Galapagos

HEY EVERYONE!! eep i know i havent been on in SUCH a long time but I have been so busy! After I got back from SC camp I had a buttload of homework to do and then I had to pack to go to this boring stupid little place called, I don’t know…the Galapagos?!?

Let me tell you. The Galapagos Islands is (are?) the most amazing place in the whole entire world…or at least what I have seen of the world. The islands are an untouched archipelago just of the coast of Ecuador, which would put them on the same latitude as New Orleans. 

These islands are chock full of sea lions, penguins, marine iguanas, blue footed boobies, red footed boobies, Nazca boobies, albatrosses, sharks, snakes, giant tortoises and much much more. These animals live in the wild yet are the most mild mannered and gentle animals I’ve ever seen in my whole life. Having grown up without the fear of predators, these animals will come up to you and interact and let you get close… as long as you don’t piss them off (I’m sorry sea lion, you were just so cute!). 

I went on this trip with 18 other fellow classmates for ten days. Our days were full of hiking excursions and snorkeling trips and random interesting tidbits of knowledge. In return for conducting field research on these islands and writing a paper on the ecological niche of a selected animal, we will receive class credit from our school and the local community college. Pretty great deal…awesome location, school credit. Sounds pretty easy right?

Wrong.

Let me tell you, this trip was not made for a hearing impaired person to go on it. Water is a main element of this trip..we live on a boat and go on a smaller boat called a panga (through all the sea spray) to reach land and snorkel if not twice, then once a day.

So obviously, I went on the trip. Because all my other issues with my hearing devices just weren’t challenging me enough (not). I promise I am not crazy. I just wasn’t willing to let this opportunity pass me by just because I might have some hurdles to clear throughout the trip. 

So let me tell you how it all worked out.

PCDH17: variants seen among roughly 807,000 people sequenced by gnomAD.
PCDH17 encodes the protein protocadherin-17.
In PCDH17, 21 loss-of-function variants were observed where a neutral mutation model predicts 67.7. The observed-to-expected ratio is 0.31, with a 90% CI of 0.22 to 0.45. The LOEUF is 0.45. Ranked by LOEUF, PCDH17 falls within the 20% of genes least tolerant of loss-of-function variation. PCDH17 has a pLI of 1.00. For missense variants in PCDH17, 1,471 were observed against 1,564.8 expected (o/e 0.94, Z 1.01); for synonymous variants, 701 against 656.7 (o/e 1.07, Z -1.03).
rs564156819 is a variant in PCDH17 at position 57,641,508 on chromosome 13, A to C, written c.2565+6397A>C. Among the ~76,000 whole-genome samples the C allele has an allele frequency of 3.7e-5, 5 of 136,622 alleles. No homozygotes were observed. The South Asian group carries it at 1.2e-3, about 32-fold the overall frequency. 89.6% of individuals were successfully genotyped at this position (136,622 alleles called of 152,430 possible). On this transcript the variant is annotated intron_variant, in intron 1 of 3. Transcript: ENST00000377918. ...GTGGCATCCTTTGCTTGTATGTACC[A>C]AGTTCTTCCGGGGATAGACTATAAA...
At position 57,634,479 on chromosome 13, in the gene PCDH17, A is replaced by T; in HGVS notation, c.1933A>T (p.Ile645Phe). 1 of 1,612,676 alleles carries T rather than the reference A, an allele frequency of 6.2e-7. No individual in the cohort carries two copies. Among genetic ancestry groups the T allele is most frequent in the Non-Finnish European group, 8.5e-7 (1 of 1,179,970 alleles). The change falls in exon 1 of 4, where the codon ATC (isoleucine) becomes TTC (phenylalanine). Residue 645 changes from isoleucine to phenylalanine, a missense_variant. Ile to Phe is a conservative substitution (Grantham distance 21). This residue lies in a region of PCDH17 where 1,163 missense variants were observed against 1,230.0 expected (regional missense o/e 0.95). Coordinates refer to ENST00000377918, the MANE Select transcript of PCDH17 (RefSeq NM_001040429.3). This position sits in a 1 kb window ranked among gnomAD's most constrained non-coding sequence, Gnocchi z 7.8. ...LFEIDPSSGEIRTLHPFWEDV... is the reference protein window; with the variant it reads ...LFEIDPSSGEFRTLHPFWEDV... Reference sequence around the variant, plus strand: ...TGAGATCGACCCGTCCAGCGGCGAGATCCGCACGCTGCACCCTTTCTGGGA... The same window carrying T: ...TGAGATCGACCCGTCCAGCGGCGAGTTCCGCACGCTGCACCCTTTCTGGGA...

The boat, obviously, was pretty dry so there was no real difficulty there. The pangas were relatively dry as well, as long as you didn’t mind getting your clothes a little damp or your feet wet. Snorkeling was the demon on this trip. 

I’d originally attempted to keep my cochlear in while snorkeling, because it is supposed to be water resistant for up to 30 min about a 3ft depth. But, as it turns out that was not the case, at least not in salt water. I found that in order for the cochlear to work, the external magnet needed to either be dry or be attached to a dry surface (i.e. my dry scalp). So when the magnet AND my hair got wet, the sound feed started cutting off and then eventually just quit all together. 

So, it was decided for me that I would have to snorkel without any hearing devices. This is more dangerous than you’d think. Without hearing my friends, I might accidentally just drift off into the open sea, riveted by whatever organism I was watching. So my good friend and I decided to hold hands during the excursion. 

We were actually joined by the captain of the boat, which proved to be a big plus, because having spent four years sailing around the Galapagos, he knew all the great places to take us to snorkel. He would dive down (and later taught us to dive) and bring up sea stars to touch and let us swim with sea lions, sharks, and sea turtles. So with one friend holding one hand and the captain holding the other, I experienced some of the best snorkeling in the whole group, regardless of the fact that I was technically disadvantaged. 

This made me think. For one thing, I realized that if I am ever on a cruise ship I MUST MAKE FRIENDS WITH THE CAPTAIN. Besides snorkeling, he let us drive the boat, and it was me myself and I who drove the Coral II yacht THREE TIMES across the equator! (my bucket list has been shortened dramatically). There are many great perks to having the most influential guy on the boat as your go to supporter. 

On a more hearing impaired note (no pun intended), my great experience really showed me that once again, if I set my mind to it, nothing is impossible. My hearing impairment is not a shortcoming at all. Most people would just not go on this trip, but I, despite all the extra hassle it caused at first (getting the snorkeling gear to work with my cochlear, then not being able to use to cochlear when I snorkeled) turned it around and made this trip a sparkling gem in the treasure chest that holds my memories. 

I faced my problems and sailed full steam ahead into them without even thinking about turning port or starboard, because  what scared me more than wrecking my cochlear (sorry mom) was missing the opportunity. As it turned out, I have been told that I was one of the happiest people on the boat…I don’t remember a single moment I wasn’t laughing, smiling or in awe of the majestic beauty the Galapagos has to offer. I don’t think I’ll ever experience a trip like this again and I definitely will never forget this trip. 

Life is a journey and you’re bound to get sea sick here and there, but you WILL get your sea legs (I know fully understand why Captain Jack Sparrow walks the way he does. There is a such thing as being landsick!)  Before you know it, you will be driving the boat!

Bon Voyage,

Admiral Shayna 

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